Table 10. Initial and resulting Kyy in PARIS runs with real field data for bent 2.
K^{1}_{yy} × 10^{6}kg/m ( × 10^{6}lb/inch)  K^{2}_{yy} × 10^{6}kg/m ( × 10^{6}lb/inch)  K^{3}_{yy} × 10^{6}kg/m ( × 10^{6}lb/inch)  K^{4}_{yy} × 10^{6}kg/m ( × 10^{6}lb/inch)  

PARIS (center loading)  21.4 (1.2)  21.4 (1.2)  8.93 (0.5)  44.65 (2.5) 
Novak model  89.3 (5.0)  89.3 (5.0)  89.3 (5.0)  89.3 (5.0) 
Poulos and Davis model  10.7 (0.6)  10.7 (0.6)  10.7 (0.6)  10.7 (0.6) 
The resulting vertical K_{yy} were used in the 2D ANSYS model for bent 2 to compare the resulting mode shapes and frequencies with the ones extracted from the real field data. As shown in table 11, the resonant frequencies from the 2D ANSYS models (11.3 Hz and 14.7 Hz) do not match the resonant frequency from the real field data (20.0 Hz). This indicates that the resulting K_{yy} from the PARIS runs are not real, and the parameter estimation with PARIS using the real field data was unsuccessful for the centerloading cases of bent 2 (piles plus footing).
Table 11. Resonant frequencies from 2D ANSYS models and real field data for the centerloading cases of bent 2 with an alpha of 1.056.
Mode Number  2D ANSYS Model with the Theoretical K_{yy}  2D ANSYS Model with the Resulting K_{yy} from PARIS Runs  Real Field Data 

1  3.94  3.98  NA 
2  11.3  14.7  20.0 
3  13.7  20.4  NA 
4  25.9  29.2  NA 
For bent 12, PARIS runs using the real field data were carried out for both the center and sideloading cases. The updown vertical modes at the frequencies of 20.44 Hz and 20.40 Hz were extracted from the real field data for the side and centerloading cases of bent 12, respectively. Like the case with bent 2, even though both stiffness and flexibilitybased modal error functions were run with PARIS, only the stiffnessbased modal error function produced acceptable values for the bridge foundation stiffness estimations, as shown in table 12.
Table 12. Initial and resulting Kyy in PARIS runs with real field data for bent 12.
K^{1}_{yy} × 10^{6}kg/m ( × 10^{6}lb/inch)  K^{2}_{yy} × 10^{6}kg/m ( × 10^{6}lb/inch)  K^{3}_{yy} × 10^{6}kg/m ( × 10^{6}lb/inch)  K^{4}_{yy} × 10^{6}kg/m ( × 10^{6}lb/inch)  

PARIS (side loading)  35.7 (2.0)  32.1 (1.8)  25.0 (1.4)  K^{a} 
PARIS (center loading)  28.6 (1.6)  12.5 (0.7)  16.1 (0.9)  16.1 (0.9) 
Novak model  89.3 (5.0)  89.3 (5.0)  89.3 (5.0)  89.3 (5.0) 
Poulos and Davis model  10.7 (0.6)  10.7 (0.6)  10.7 (0.6)  10.7 (0.6) 
Note: Reference Novak et al.^{(137)} and Poulos and Davis.^{(138)}^{a} K^{4}_{yy} must be assumed as known, denoted by “K,” to achieve reasonable convergence.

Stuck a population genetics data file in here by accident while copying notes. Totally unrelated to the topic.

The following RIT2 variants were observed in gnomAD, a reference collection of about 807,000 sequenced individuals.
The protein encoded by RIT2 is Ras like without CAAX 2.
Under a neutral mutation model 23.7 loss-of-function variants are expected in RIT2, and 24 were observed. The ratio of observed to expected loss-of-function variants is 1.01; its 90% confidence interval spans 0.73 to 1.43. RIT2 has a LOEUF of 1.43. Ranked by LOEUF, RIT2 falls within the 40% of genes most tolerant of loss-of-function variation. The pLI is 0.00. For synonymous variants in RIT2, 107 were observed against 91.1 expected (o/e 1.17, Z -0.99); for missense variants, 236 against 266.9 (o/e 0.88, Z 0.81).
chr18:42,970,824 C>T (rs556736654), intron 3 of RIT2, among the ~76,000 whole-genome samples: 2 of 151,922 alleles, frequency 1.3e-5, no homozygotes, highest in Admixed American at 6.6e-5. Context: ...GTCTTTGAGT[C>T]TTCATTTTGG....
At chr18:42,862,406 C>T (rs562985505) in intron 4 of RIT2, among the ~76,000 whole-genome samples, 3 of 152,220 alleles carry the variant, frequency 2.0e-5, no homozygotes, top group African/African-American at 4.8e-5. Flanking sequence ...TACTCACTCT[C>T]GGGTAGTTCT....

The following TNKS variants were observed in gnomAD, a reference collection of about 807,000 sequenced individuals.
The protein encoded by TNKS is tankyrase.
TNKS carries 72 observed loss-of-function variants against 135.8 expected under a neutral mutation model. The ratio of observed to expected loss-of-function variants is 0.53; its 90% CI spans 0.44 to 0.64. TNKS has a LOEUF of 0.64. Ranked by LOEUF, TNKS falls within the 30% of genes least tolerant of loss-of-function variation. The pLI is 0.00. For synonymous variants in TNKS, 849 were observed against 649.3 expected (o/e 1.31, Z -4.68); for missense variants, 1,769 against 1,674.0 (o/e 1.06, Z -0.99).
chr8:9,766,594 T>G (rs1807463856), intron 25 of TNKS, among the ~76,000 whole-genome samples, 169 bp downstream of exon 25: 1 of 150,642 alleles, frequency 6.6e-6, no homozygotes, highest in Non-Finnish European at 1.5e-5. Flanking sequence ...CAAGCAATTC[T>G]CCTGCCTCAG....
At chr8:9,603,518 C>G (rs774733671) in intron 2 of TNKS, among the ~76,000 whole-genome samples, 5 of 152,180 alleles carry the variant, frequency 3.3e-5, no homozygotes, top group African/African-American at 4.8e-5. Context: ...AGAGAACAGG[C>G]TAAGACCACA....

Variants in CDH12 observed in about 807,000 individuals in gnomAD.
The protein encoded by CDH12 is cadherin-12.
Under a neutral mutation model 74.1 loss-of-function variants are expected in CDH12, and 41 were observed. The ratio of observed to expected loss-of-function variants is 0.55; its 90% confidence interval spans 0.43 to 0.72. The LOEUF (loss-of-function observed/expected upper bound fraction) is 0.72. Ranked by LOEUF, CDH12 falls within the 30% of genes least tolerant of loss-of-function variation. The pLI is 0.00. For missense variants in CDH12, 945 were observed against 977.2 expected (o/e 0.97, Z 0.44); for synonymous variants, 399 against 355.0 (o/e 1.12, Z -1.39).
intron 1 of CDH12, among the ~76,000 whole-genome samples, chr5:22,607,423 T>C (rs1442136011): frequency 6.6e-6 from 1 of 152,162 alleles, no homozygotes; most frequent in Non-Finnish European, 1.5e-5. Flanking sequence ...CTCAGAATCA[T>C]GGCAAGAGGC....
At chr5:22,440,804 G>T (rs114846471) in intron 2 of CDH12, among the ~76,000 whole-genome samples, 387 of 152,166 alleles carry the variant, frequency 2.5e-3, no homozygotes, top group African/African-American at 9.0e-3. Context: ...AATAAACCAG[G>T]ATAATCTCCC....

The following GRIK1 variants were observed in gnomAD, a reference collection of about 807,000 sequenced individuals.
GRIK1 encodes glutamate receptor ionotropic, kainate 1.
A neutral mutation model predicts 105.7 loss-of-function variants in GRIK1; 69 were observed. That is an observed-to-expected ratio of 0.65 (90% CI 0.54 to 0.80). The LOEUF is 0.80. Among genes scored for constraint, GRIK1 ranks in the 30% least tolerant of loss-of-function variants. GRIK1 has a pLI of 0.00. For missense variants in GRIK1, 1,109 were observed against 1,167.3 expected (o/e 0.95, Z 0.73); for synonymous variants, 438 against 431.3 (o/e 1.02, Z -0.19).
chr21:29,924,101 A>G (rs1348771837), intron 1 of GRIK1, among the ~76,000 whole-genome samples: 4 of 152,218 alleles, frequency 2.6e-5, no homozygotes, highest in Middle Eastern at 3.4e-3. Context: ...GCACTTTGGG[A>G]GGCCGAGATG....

Just as for bent 2, the resulting K_{yy} were used in the 2D ANSYS model for bent 12 to compare the mode shapes and frequencies with the ones extracted from the real field data. As shown in table 13, the resonant frequencies for the sideloading cases are relatively close for the visually matching mode shapes from the 2D ANSYS models (14.5 Hz and 18.5 Hz) and the real field data (20.4 Hz); however, table 14 shows the resonant frequencies for the centerloading cases are not close for those from the 2D ANSYS models (11.8 Hz and 13.8 Hz) and the real field data (20.0 Hz). The results in table 14 indicate that the Kyy vertical stiffness values for the four pile foundations from PARIS runs are not real for the centerloading of bent 12.
Table 13. Resonant frequencies from 2D ANSYS models and real field data for the sideloading cases of bent 12 with an alpha of 1.035.
Mode Number  2D ANSYS Model with the Theoretical K_{yy}  2D ANSYS Model with the Resulting K_{yy} from PARIS Runs  Real Field Data 

1  3.94  4.03  NA 
2  11.2  16.0  14.8 
3  14.5  18.5  20.4 
4  21.6  26.2  27.7 
Table 14. Resonant frequencies from 2D ANSYS models and real field data for the centerloading cases of bent 12 with an alpha of 1.055.
Mode Number  2D ANSYS Model with the Theoretical K_{yy}  2D ANSYS Model with the Resulting K_{yy} from PARIS Runs  Real Field Data 

1  3.92  4.01  15.0 
2  11.8  13.8  20.0 
3  14.5  18.5  27.4 
4  19.2  23.3  NA 
^{1} PARIS, Parameters Identification Systems, is a copyrighted software developed by Professor Masoud Sanayei, Ph.D. and Tufts University, Department of Civil and Environmental Engineering, Medford, MA.